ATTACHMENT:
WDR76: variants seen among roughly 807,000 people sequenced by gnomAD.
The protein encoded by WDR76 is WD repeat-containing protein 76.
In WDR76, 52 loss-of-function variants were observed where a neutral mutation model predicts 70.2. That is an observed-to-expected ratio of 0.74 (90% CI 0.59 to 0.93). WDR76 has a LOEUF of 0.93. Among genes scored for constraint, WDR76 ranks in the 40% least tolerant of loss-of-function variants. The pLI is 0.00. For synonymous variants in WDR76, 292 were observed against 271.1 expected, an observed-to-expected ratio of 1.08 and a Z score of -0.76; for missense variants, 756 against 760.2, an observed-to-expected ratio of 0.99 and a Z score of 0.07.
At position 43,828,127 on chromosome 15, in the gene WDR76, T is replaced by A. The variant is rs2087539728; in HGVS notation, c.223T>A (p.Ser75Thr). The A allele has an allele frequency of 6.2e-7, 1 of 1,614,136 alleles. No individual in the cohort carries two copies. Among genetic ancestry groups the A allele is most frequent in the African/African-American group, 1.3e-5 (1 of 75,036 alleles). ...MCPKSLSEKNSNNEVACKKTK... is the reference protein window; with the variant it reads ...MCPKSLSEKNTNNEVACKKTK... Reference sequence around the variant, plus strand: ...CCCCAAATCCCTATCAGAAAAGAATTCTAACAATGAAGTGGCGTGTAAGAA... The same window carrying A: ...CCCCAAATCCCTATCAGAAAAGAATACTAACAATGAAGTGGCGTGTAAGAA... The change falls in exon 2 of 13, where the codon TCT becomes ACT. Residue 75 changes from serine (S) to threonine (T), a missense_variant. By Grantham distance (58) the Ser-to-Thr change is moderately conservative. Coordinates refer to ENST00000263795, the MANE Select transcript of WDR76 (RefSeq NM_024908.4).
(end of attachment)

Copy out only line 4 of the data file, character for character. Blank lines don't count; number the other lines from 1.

At position 43,828,127 on chromosome 15, in the gene WDR76, T is replaced by A. The variant is rs2087539728; in HGVS notation, c.223T>A (p.Ser75Thr). The A allele has an allele frequency of 6.2e-7, 1 of 1,614,136 alleles. No individual in the cohort carries two copies. Among genetic ancestry groups the A allele is most frequent in the African/African-American group, 1.3e-5 (1 of 75,036 alleles). ...MCPKSLSEKNSNNEVACKKTK... is the reference protein window; with the variant it reads ...MCPKSLSEKNTNNEVACKKTK... Reference sequence around the variant, plus strand: ...CCCCAAATCCCTATCAGAAAAGAATTCTAACAATGAAGTGGCGTGTAAGAA... The same window carrying A: ...CCCCAAATCCCTATCAGAAAAGAATACTAACAATGAAGTGGCGTGTAAGAA... The change falls in exon 2 of 13, where the codon TCT becomes ACT. Residue 75 changes from serine (S) to threonine (T), a missense_variant. By Grantham distance (58) the Ser-to-Thr change is moderately conservative. Coordinates refer to ENST00000263795, the MANE Select transcript of WDR76 (RefSeq NM_024908.4).